Shannon Fay, 23, of Sayville, Carly Beyar, 23, of South...

Shannon Fay, 23, of Sayville, Carly Beyar, 23, of South Hempstead watch Alanna Locast, 25, of Wantagh do some fancy footwork. The three were teammates at Fairfield University. They began making funny videos with a huge following and now have a business. Credit: Bruce Gilbert

You can’t go out with friends after school because of soccer practice. You only get tan on your knees, because you’re constantly wearing shin guards and soccer shorts. You struggle pulling up your skinny jeans because your thighs have become so muscular.

When Carly Beyar, 23, of South Hempstead, Alanna Locast, 25, of Wantagh, and Shannon Fay, 23, of Sayville, were college soccer teammates at Fairfield University in Connecticut, they jokingly started tweeting such humorous soccer-girl laments at #soccergirlproblems. That’s turned into a business venture targeting female soccer players from ages 12 to 24.

Their initial tweeting exploded. Their subsequent Twitter handle, @SoccerGrlProbs, now has more than 200,000 followers — leading the three teammates to make more than 80 humorous YouTube videos with more than 13 million views. They star as horrified salon staffers who have to give pedicures to soccer players with calloused feet, overzealous soccer moms doling out orange slices at halftime (that video was filmed at John Burns Park in Massapequa) and hyped-up, mustachioed referees red-carding roommates for putting their feet on the coffee table.

While still in college, they formed a company called SoccerGrlProbs that now sells T-shirts, sweatpants, water bottles and other paraphernalia with their funny messages; they say they’ve sold more than 20,000 articles of clothing. By now, fans recognize them and want to take pictures with them when they attend soccer events such as U.S. Women’s National Team games. Companies have sent them to cover soccer events such as the 2015 FIFA Women’s World Cup in Canada.

“They’ve gotten very popular,” says Lindsay Fleischer, 16, of Smithtown, who plays for Intense Soccer Academy. She’d heard of them even before her soccer team helped film a video called “Soccer Taxi” for SoccerGrlProbs last summer, posing as players being dropped off at practice at the Baymen Soccer Fields in West Sayville.

“I think I’ve watched every single video they’ve ever posted. They’re so funny,” says Alexis Benedetto, 17, of Hauppauge, who also plays for ISA and was in the “Soccer Taxi” video. “I feel like I almost look up to them in a way, and when I had the opportunity to be in one of their videos, I said, ‘Oh my gosh, yes!’ ”


Everything leading to SoccerGrlProbs began during preseason for Fairfield University’s Division 1 soccer team in August 2011, when Beyar, Locast and Fay were all playing forwards. “We all had ice packs on our legs and we were all dirty. Everyone’s laughing and thinking, ‘This is funny,’ ” Locast says. They started tweeting.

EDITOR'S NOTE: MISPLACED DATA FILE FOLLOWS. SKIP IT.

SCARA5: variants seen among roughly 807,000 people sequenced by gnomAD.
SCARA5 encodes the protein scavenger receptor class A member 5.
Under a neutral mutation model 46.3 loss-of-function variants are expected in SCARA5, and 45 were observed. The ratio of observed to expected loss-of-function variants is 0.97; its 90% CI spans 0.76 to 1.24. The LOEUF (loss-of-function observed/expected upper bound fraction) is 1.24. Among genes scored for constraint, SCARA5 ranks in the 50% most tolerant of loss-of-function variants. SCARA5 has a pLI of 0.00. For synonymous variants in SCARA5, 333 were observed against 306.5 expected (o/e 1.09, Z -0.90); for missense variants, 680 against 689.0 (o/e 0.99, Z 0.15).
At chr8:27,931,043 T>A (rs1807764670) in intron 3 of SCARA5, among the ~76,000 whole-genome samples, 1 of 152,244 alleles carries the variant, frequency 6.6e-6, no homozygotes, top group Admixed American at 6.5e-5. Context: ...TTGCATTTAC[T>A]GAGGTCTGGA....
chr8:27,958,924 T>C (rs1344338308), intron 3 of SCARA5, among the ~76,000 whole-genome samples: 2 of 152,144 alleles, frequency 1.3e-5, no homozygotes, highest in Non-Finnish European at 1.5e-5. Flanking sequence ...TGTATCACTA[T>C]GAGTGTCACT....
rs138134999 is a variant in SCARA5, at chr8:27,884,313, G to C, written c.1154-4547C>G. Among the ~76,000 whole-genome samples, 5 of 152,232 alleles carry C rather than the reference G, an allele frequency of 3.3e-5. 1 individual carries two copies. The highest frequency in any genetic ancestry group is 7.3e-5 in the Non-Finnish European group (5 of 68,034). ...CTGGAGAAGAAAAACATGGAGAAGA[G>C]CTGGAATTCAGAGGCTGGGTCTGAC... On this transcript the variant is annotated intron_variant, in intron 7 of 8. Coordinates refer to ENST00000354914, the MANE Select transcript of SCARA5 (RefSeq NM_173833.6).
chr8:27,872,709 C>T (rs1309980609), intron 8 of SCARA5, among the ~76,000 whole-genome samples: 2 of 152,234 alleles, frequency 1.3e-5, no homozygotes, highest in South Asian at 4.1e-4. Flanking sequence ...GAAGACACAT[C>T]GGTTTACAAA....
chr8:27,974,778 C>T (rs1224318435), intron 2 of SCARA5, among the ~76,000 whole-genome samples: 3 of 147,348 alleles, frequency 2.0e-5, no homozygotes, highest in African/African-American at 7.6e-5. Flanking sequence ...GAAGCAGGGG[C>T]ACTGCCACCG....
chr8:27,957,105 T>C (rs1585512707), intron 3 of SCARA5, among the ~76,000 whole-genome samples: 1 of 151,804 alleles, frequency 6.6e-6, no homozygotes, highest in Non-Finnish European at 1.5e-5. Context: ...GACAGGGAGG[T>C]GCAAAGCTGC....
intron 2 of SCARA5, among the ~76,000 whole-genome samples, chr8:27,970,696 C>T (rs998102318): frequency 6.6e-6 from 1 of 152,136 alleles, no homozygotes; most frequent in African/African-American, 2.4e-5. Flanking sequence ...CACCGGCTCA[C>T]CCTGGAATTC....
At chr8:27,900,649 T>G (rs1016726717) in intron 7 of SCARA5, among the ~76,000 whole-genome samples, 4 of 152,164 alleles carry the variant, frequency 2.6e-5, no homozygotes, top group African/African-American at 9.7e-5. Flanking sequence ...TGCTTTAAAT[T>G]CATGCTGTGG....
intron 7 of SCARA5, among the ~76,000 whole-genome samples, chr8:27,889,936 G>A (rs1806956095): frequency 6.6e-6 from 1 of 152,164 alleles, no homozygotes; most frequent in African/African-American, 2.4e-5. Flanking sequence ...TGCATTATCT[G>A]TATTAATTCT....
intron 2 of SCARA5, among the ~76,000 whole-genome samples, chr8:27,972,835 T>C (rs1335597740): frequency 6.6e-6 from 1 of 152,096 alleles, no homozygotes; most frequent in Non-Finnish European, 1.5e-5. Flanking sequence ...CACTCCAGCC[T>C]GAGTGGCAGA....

“These are things a unique section of girls can relate to,” Locast says. If you understand this early-on tweet, you’re one of them: “That moment of severe depression when your pre-wrap breaks.” For the uninitiated, the girls use the pre-wrap to wrap around their foreheads so that flyaway hairs don’t get into their eyes during practice and games.

Followers beseeched them to make a video. Within three days, their first amateur video illustrating comical challenges, filmed using an iPad in their campus dorm rooms, locker room and soccer field, drew 1 million views. They decided to sell a T-shirt that said “I can’t, I have soccer” for $19.99. They thought it would be cool if they could sell 300 T-shirts online. They sold out in one night.


Their earliest videos, when they thought all their followers were fellow college-aged soccer players, include off-color language. But once the threesome realized that tween and teen girls were also following them, they tried to nix the swearing (though, parental warning, some slips get through here and there).

The women spent a year during 2014 to 2015 in a joint Fairfield University/Town of Fairfield program called FAME (recently renamed FUEL), an entrepreneurial incubator to help launch new businesses. “It really, really helped us understand what we were dealing with, how to do everything financially and legally,” Beyar says. “We weren’t business majors.”

Everybody was rooting for them to succeed, says Christopher Huntley, a business school professor and a co-founder of the program. “They started out with one tweet in 2011 and by the time I was talking to them, they were selling hundreds of thousands of dollars in T-shirts with funny sayings on them,” Huntley says.

Beyar and Locast are now living in their childhood Long Island homes and Fay is living in Manhattan as the three graduates continue to expand the business, operating primarily out of a space in the city. “I knew junior year I wanted to do this as long as we could,” Beyar says. “This happening to us was such a blessing.”

Their latest goal — pun intended — is to get on TV’s “Shark Tank” and have investors Mark Cuban or Barbara Corcoran back them. They’re in the midst of submitting their video application to the show.

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